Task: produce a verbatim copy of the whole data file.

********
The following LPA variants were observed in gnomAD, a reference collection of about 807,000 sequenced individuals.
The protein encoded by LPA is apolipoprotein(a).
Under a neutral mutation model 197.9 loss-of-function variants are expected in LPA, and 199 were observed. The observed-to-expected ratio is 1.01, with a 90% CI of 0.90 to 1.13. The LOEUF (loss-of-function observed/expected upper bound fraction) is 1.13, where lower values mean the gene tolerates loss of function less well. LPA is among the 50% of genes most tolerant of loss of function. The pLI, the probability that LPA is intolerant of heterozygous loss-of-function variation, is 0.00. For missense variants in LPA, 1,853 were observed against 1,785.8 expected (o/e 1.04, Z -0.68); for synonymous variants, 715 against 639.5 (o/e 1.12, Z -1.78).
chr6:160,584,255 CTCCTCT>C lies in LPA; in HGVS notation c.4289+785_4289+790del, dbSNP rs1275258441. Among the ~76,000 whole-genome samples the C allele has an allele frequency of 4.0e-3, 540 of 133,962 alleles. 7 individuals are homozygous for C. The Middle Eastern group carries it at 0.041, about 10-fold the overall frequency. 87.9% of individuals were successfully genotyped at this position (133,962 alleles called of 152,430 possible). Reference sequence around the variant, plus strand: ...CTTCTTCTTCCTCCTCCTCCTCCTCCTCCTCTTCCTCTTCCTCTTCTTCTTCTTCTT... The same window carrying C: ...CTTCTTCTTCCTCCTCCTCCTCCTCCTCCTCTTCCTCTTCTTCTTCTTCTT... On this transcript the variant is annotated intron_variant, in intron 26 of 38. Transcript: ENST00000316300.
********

The following LPA variants were observed in gnomAD, a reference collection of about 807,000 sequenced individuals.
The protein encoded by LPA is apolipoprotein(a).
Under a neutral mutation model 197.9 loss-of-function variants are expected in LPA, and 199 were observed. The observed-to-expected ratio is 1.01, with a 90% CI of 0.90 to 1.13. The LOEUF (loss-of-function observed/expected upper bound fraction) is 1.13, where lower values mean the gene tolerates loss of function less well. LPA is among the 50% of genes most tolerant of loss of function. The pLI, the probability that LPA is intolerant of heterozygous loss-of-function variation, is 0.00. For missense variants in LPA, 1,853 were observed against 1,785.8 expected (o/e 1.04, Z -0.68); for synonymous variants, 715 against 639.5 (o/e 1.12, Z -1.78).
chr6:160,584,255 CTCCTCT>C lies in LPA; in HGVS notation c.4289+785_4289+790del, dbSNP rs1275258441. Among the ~76,000 whole-genome samples the C allele has an allele frequency of 4.0e-3, 540 of 133,962 alleles. 7 individuals are homozygous for C. The Middle Eastern group carries it at 0.041, about 10-fold the overall frequency. 87.9% of individuals were successfully genotyped at this position (133,962 alleles called of 152,430 possible). Reference sequence around the variant, plus strand: ...CTTCTTCTTCCTCCTCCTCCTCCTCCTCCTCTTCCTCTTCCTCTTCTTCTTCTTCTT... The same window carrying C: ...CTTCTTCTTCCTCCTCCTCCTCCTCCTCCTCTTCCTCTTCTTCTTCTTCTT... On this transcript the variant is annotated intron_variant, in intron 26 of 38. Transcript: ENST00000316300.